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Can the 38th Annual Film Independent Spirit Awards be a format role model to plug the electricity back into awards shows?

Mar 2, 2023 | Film Awards

Film Independent Spirit Awards

It’s not a hot take – or even a not-microwaved-long-enough lukewarm spaghetti take – to say that awards shows have lost some luster. 

According to Variety, in 2016, the Oscars had a U.S. audience of 34.4 million viewers. In 2022, this number was 16.6 million viewers. Heck, the Golden Globes had no less than 17 million viewers between 2011 and 2020. After its 2022 boycott for a longtime neglect of diversity, the 2023 Golden Globes had 6.3 million viewers. How about the BAFTAs? News circulated the past couple of weeks that the 2023 BAFTA Awards viewership shot up by 2 million viewers to an average peak of 3.8 million viewers. 

This is roughly a third of the audience that tunes in on any given week to watch the Cleveland Browns play.   

Well, maybe the 38th Annual Film Independent Spirit Awards has something going on that the others don’t. The Spirit Awards do, after all, have the swagger to charge $20,000 per table to sit under a giant tent in Santa Monica on a Saturday afternoon. And winners say whatever they want! With curses! 

Let’s examine what gives the 2023 Film Independent Spirit Awards the juice to serve as a role model for the broken drifting flotsam that is the current cinematic awards scene.

Adam Sandler accepts the 2020 Film Independent Spirit Award for Best Male Lead for Uncut Gems

Adam Sandler accepts the 2020 Film Independent Spirit Award for Best Male Lead for Uncut Gems

The Film Independent Spirit Awards have been an accurate barometer of film quality through authentic inclusion

A 2020 Los Angeles Times pre-awards piece went in-depth with the makeup and history of Film Independent, the nonprofit organization that hosts and promotes the Spirit Awards. It detailed that in 2020, the makeup of the six nominating commissions for the Spirit Awards was 59% women and 51% people of color.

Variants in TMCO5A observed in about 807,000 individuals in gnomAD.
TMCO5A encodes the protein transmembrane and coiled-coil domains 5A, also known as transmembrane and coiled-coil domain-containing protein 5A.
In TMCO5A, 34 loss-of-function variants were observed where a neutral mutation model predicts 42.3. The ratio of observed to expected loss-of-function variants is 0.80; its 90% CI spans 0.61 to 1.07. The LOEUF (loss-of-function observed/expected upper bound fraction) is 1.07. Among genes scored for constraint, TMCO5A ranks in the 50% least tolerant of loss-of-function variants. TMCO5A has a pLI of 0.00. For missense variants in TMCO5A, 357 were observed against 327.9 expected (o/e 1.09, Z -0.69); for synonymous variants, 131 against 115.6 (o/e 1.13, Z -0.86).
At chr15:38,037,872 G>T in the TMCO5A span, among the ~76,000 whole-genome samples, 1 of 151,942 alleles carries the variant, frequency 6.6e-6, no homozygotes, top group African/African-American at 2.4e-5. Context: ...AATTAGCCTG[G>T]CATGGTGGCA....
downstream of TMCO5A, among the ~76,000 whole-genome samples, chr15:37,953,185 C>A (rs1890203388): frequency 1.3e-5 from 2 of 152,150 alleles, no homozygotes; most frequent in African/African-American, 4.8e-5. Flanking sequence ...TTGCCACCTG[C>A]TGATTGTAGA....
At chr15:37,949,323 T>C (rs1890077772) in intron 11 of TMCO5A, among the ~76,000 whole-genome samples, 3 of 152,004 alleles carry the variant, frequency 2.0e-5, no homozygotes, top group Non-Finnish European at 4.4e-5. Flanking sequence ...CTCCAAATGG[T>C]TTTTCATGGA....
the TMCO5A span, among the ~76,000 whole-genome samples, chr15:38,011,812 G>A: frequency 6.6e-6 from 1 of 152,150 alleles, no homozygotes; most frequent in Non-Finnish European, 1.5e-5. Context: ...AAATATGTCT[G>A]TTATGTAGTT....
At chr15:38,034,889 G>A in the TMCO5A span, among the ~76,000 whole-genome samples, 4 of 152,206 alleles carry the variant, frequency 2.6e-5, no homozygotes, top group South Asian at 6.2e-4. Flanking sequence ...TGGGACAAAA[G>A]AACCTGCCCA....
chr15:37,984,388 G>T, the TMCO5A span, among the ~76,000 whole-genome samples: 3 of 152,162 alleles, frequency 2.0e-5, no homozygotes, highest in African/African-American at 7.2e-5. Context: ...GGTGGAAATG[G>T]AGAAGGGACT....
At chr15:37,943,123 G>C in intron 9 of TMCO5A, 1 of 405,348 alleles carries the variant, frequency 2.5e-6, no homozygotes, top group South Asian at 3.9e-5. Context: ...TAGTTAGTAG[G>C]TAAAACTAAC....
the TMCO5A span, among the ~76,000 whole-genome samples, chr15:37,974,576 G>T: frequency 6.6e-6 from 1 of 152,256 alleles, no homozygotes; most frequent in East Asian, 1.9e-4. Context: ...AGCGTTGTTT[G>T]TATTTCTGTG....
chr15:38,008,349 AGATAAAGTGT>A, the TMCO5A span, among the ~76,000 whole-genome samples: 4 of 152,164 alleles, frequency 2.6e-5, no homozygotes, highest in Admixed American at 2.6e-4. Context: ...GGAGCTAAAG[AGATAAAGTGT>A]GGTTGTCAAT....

Josh Welsh, President of Film Independent, was quoted in the LA Times piece:

“It’s not like we’re doing an award show and then at the end we say, ‘Oh wait, we need to think about diversity here.’ It is baked into our DNA from the beginning. So the way you make it happen is you have a staff that is diverse and inclusive. You have a board of directors that is diverse and inclusive. Our membership is incredibly diverse.”

Now, the skeptical perspective could argue that it’s all publicity, or as Jerrod Carmichael said when he hosted the 2023 Golden Globes in January: “I’m here because I’m black.”

The primary ongoing discussion is that there’s a skewed bias in the films nominated each year because of a lack of diversity. The Spirit Awards, while they had more homogenous selections in the early years, have for a long time zagged left when the Oscars went right. Because of this, they’ve already established a nomination history that feels like a more truthful representation of the entire population of filmmakers. For example, in 1988 when the Academy gave Michael Caine “Best Supporting Actor” for Hannah and her Sisters, Morgan Freeman wasn’t nominated for 1987’s Street Smart. But he took home “Best Supporting Male” at that year’s 3rd Annual Spirit Awards.

Inclusion doesn’t just pertain to racial/gender inclusion – some of the best films spotlighted come from unknown filmmakers or low-budget films that are shunned at larger shows. Films that might normally hit their ceiling of recognition at a small film festival earn wider acclaim, like Ellie Foumbi’s Our Father, the Devil, which won the “Narrative Features Jury Award” at the 2022 New Orleans Film Fest. It’s now nominated for “Best Feature” at the 2023 Spirit Awards. The counterargument is that viewers prefer the big-budget, bombastic star-heavy films that often highlight the Oscars.

Much of the overhaul in escalating diversity in awards organizations has been prompted by public outrage, but you’d think someone might have glanced over at the Spirit Awards and said, “Can we at least take a look at what they’ve been getting right?”

The Film Independent Spirit Awards is built for spontaneity and self-deprecation

Bryan Cranston pours one out for Derek Connolly at the 2013 Spirit Awards

Bryan Cranston pours one out for Derek Connolly at the 2013 Spirit Awards

You look at the physical layout of the Spirit Awards, and it has the feel of an intimate film sub-community awards show, like the VES Awards for VFX artists. It’s in a big tent. Every table is circular and filled with booze, rather than sitting in impersonal movie theater rows. Because of this nonchalance, tongues are looser. People feel comfortable. People say things.